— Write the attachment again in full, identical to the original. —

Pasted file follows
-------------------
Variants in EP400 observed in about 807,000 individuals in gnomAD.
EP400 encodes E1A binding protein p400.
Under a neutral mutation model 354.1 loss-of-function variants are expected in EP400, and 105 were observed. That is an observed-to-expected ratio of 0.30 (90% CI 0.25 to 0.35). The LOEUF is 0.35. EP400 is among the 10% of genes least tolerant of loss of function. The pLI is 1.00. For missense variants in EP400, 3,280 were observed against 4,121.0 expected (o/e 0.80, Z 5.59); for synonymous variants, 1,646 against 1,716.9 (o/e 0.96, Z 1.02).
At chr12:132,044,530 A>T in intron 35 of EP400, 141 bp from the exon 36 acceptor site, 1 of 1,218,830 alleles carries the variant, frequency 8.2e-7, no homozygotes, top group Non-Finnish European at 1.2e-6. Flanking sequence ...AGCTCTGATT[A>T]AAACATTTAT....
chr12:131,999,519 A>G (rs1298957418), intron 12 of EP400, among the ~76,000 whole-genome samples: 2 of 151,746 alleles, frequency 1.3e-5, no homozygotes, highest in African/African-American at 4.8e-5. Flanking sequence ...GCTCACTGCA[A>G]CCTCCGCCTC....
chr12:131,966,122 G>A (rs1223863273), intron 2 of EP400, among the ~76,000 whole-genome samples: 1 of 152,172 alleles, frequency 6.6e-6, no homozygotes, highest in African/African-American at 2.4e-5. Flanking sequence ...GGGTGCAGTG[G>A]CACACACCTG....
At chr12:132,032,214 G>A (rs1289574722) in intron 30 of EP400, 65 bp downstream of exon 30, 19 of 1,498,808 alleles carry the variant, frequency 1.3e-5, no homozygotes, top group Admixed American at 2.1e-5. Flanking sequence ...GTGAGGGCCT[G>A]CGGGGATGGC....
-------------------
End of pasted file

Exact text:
Variants in EP400 observed in about 807,000 individuals in gnomAD.
EP400 encodes E1A binding protein p400.
Under a neutral mutation model 354.1 loss-of-function variants are expected in EP400, and 105 were observed. That is an observed-to-expected ratio of 0.30 (90% CI 0.25 to 0.35). The LOEUF is 0.35. EP400 is among the 10% of genes least tolerant of loss of function. The pLI is 1.00. For missense variants in EP400, 3,280 were observed against 4,121.0 expected (o/e 0.80, Z 5.59); for synonymous variants, 1,646 against 1,716.9 (o/e 0.96, Z 1.02).
At chr12:132,044,530 A>T in intron 35 of EP400, 141 bp from the exon 36 acceptor site, 1 of 1,218,830 alleles carries the variant, frequency 8.2e-7, no homozygotes, top group Non-Finnish European at 1.2e-6. Flanking sequence ...AGCTCTGATT[A>T]AAACATTTAT....
chr12:131,999,519 A>G (rs1298957418), intron 12 of EP400, among the ~76,000 whole-genome samples: 2 of 151,746 alleles, frequency 1.3e-5, no homozygotes, highest in African/African-American at 4.8e-5. Flanking sequence ...GCTCACTGCA[A>G]CCTCCGCCTC....
chr12:131,966,122 G>A (rs1223863273), intron 2 of EP400, among the ~76,000 whole-genome samples: 1 of 152,172 alleles, frequency 6.6e-6, no homozygotes, highest in African/African-American at 2.4e-5. Flanking sequence ...GGGTGCAGTG[G>A]CACACACCTG....
At chr12:132,032,214 G>A (rs1289574722) in intron 30 of EP400, 65 bp downstream of exon 30, 19 of 1,498,808 alleles carry the variant, frequency 1.3e-5, no homozygotes, top group Admixed American at 2.1e-5. Flanking sequence ...GTGAGGGCCT[G>A]CGGGGATGGC....